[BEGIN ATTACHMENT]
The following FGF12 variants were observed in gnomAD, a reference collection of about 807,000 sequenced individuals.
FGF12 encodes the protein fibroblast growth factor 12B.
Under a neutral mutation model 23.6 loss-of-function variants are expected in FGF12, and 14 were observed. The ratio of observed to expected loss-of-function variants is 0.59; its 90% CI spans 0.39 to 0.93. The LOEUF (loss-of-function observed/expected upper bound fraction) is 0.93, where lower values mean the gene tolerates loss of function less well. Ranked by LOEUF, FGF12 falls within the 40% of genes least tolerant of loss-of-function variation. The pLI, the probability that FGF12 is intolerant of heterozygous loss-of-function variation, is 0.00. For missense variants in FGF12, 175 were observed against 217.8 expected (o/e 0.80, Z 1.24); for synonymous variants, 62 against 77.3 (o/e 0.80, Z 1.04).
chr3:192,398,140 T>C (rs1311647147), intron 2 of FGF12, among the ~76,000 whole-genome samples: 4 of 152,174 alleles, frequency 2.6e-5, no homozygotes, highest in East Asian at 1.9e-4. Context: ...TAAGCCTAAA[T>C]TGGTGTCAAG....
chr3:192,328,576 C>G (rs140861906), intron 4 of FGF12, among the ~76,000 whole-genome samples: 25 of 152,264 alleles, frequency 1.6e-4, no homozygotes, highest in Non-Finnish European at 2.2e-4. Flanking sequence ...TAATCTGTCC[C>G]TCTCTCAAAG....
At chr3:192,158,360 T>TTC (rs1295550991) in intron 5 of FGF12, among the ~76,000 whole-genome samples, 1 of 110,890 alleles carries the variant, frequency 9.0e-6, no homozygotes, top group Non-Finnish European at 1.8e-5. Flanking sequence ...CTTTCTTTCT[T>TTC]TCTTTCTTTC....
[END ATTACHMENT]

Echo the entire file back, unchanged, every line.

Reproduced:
The following FGF12 variants were observed in gnomAD, a reference collection of about 807,000 sequenced individuals.
FGF12 encodes the protein fibroblast growth factor 12B.
Under a neutral mutation model 23.6 loss-of-function variants are expected in FGF12, and 14 were observed. The ratio of observed to expected loss-of-function variants is 0.59; its 90% CI spans 0.39 to 0.93. The LOEUF (loss-of-function observed/expected upper bound fraction) is 0.93, where lower values mean the gene tolerates loss of function less well. Ranked by LOEUF, FGF12 falls within the 40% of genes least tolerant of loss-of-function variation. The pLI, the probability that FGF12 is intolerant of heterozygous loss-of-function variation, is 0.00. For missense variants in FGF12, 175 were observed against 217.8 expected (o/e 0.80, Z 1.24); for synonymous variants, 62 against 77.3 (o/e 0.80, Z 1.04).
chr3:192,398,140 T>C (rs1311647147), intron 2 of FGF12, among the ~76,000 whole-genome samples: 4 of 152,174 alleles, frequency 2.6e-5, no homozygotes, highest in East Asian at 1.9e-4. Context: ...TAAGCCTAAA[T>C]TGGTGTCAAG....
chr3:192,328,576 C>G (rs140861906), intron 4 of FGF12, among the ~76,000 whole-genome samples: 25 of 152,264 alleles, frequency 1.6e-4, no homozygotes, highest in Non-Finnish European at 2.2e-4. Flanking sequence ...TAATCTGTCC[C>G]TCTCTCAAAG....
At chr3:192,158,360 T>TTC (rs1295550991) in intron 5 of FGF12, among the ~76,000 whole-genome samples, 1 of 110,890 alleles carries the variant, frequency 9.0e-6, no homozygotes, top group Non-Finnish European at 1.8e-5. Flanking sequence ...CTTTCTTTCT[T>TTC]TCTTTCTTTC....